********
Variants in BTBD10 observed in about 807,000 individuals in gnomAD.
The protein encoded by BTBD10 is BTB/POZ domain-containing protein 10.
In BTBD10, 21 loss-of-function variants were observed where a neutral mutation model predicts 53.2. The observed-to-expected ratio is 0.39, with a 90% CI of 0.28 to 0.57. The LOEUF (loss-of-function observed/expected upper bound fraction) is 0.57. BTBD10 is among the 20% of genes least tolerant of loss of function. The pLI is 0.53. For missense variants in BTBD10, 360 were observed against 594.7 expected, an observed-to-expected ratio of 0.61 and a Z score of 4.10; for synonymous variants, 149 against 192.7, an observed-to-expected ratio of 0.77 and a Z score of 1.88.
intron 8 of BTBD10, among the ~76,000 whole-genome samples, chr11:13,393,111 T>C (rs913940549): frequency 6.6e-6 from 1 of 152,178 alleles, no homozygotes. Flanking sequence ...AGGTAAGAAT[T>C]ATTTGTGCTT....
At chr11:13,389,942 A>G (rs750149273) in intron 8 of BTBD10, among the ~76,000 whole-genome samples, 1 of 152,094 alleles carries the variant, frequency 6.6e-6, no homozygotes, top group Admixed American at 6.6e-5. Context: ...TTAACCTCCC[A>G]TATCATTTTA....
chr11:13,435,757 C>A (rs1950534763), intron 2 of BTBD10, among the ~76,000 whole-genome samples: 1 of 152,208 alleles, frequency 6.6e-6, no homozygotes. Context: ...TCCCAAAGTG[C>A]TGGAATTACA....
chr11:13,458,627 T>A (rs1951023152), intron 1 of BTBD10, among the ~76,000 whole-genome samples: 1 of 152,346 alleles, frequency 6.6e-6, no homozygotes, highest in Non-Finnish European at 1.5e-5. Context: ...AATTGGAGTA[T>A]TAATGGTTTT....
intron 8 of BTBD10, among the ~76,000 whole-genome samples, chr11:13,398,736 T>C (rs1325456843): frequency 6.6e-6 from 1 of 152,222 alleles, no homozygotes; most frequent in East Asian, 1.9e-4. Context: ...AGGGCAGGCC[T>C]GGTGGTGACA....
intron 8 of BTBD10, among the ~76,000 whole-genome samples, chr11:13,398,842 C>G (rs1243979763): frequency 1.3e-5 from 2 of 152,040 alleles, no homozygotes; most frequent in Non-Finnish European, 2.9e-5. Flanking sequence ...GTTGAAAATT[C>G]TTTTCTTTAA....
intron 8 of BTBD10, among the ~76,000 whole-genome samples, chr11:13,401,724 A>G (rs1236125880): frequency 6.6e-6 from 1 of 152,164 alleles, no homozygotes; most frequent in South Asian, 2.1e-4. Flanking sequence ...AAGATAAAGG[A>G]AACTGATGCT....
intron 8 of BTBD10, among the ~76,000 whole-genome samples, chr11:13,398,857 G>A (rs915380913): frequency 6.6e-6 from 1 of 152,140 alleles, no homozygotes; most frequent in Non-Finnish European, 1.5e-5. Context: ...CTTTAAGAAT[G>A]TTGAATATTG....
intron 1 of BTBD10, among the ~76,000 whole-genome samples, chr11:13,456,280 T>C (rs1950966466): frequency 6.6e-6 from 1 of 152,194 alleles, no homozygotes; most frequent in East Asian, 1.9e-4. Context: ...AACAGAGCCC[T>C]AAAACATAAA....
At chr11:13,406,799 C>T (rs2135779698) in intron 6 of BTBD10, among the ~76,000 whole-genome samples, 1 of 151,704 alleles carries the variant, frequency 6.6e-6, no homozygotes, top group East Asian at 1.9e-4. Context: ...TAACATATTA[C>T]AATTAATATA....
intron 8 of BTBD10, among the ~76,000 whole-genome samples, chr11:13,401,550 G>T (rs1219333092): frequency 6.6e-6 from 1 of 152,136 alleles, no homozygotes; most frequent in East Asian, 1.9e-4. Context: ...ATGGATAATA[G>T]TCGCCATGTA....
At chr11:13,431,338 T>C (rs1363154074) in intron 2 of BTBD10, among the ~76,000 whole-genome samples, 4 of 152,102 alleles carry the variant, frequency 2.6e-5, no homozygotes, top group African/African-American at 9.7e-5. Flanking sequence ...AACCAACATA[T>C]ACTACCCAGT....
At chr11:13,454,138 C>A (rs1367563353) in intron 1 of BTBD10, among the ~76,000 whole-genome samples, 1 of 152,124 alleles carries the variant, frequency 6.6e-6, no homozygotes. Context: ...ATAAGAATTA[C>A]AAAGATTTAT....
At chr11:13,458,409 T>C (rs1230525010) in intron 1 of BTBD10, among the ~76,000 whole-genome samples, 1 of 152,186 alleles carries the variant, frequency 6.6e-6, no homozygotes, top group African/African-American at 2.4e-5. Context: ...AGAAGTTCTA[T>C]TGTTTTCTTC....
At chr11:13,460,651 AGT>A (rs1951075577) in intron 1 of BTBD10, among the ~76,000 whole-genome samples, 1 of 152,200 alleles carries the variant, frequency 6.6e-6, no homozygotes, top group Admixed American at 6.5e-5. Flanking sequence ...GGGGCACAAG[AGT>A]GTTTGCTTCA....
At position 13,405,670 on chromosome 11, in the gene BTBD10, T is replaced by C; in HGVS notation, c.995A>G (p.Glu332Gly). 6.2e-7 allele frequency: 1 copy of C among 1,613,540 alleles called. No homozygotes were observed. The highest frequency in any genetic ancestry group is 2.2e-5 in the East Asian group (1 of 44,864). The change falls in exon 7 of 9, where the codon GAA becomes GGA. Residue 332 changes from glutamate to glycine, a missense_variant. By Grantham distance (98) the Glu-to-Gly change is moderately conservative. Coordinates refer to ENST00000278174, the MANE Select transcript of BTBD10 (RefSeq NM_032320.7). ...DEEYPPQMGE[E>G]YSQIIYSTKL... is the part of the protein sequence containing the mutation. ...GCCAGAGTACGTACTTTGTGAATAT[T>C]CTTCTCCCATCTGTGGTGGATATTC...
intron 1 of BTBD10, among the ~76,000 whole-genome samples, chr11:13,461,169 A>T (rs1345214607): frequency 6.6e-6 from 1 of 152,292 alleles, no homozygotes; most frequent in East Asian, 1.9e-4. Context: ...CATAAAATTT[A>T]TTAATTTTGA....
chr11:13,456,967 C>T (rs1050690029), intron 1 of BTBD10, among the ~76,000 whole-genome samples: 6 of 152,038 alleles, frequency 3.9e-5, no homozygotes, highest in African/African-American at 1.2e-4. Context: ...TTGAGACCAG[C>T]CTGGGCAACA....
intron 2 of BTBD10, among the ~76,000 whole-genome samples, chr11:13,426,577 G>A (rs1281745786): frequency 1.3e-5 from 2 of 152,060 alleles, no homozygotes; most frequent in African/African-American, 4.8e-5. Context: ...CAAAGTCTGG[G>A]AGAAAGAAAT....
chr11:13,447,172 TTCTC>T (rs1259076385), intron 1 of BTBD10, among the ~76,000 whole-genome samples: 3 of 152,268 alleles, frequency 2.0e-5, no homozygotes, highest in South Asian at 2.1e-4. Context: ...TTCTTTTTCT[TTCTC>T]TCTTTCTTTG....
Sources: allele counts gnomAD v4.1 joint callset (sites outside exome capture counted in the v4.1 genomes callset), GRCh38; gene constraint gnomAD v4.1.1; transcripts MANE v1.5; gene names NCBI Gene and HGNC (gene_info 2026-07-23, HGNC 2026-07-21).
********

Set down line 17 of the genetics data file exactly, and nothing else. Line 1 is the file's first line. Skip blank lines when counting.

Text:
At chr11:13,458,409 T>C (rs1230525010) in intron 1 of BTBD10, among the ~76,000 whole-genome samples, 1 of 152,186 alleles carries the variant, frequency 6.6e-6, no homozygotes, top group African/African-American at 2.4e-5. Context: ...AGAAGTTCTA[T>C]TGTTTTCTTC....